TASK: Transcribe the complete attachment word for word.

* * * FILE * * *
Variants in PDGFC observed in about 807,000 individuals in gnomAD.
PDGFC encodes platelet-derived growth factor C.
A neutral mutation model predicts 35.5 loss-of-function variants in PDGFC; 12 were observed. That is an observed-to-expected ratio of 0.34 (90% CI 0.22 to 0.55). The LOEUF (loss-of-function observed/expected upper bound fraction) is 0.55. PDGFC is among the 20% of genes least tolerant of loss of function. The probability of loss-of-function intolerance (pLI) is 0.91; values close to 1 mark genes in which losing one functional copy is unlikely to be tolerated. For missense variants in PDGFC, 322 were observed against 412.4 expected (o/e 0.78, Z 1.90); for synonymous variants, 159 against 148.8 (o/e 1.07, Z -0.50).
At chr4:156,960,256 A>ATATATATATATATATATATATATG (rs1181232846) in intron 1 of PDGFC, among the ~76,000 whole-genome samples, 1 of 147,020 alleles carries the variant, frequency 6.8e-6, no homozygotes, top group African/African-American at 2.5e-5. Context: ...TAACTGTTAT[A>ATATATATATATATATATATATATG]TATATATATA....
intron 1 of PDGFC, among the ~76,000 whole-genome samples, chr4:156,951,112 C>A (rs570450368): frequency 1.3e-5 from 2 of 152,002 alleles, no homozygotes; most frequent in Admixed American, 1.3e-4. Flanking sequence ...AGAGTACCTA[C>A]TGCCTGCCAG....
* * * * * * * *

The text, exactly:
Variants in PDGFC observed in about 807,000 individuals in gnomAD.
PDGFC encodes platelet-derived growth factor C.
A neutral mutation model predicts 35.5 loss-of-function variants in PDGFC; 12 were observed. That is an observed-to-expected ratio of 0.34 (90% CI 0.22 to 0.55). The LOEUF (loss-of-function observed/expected upper bound fraction) is 0.55. PDGFC is among the 20% of genes least tolerant of loss of function. The probability of loss-of-function intolerance (pLI) is 0.91; values close to 1 mark genes in which losing one functional copy is unlikely to be tolerated. For missense variants in PDGFC, 322 were observed against 412.4 expected (o/e 0.78, Z 1.90); for synonymous variants, 159 against 148.8 (o/e 1.07, Z -0.50).
At chr4:156,960,256 A>ATATATATATATATATATATATATG (rs1181232846) in intron 1 of PDGFC, among the ~76,000 whole-genome samples, 1 of 147,020 alleles carries the variant, frequency 6.8e-6, no homozygotes, top group African/African-American at 2.5e-5. Context: ...TAACTGTTAT[A>ATATATATATATATATATATATATG]TATATATATA....
intron 1 of PDGFC, among the ~76,000 whole-genome samples, chr4:156,951,112 C>A (rs570450368): frequency 1.3e-5 from 2 of 152,002 alleles, no homozygotes; most frequent in Admixed American, 1.3e-4. Flanking sequence ...AGAGTACCTA[C>A]TGCCTGCCAG....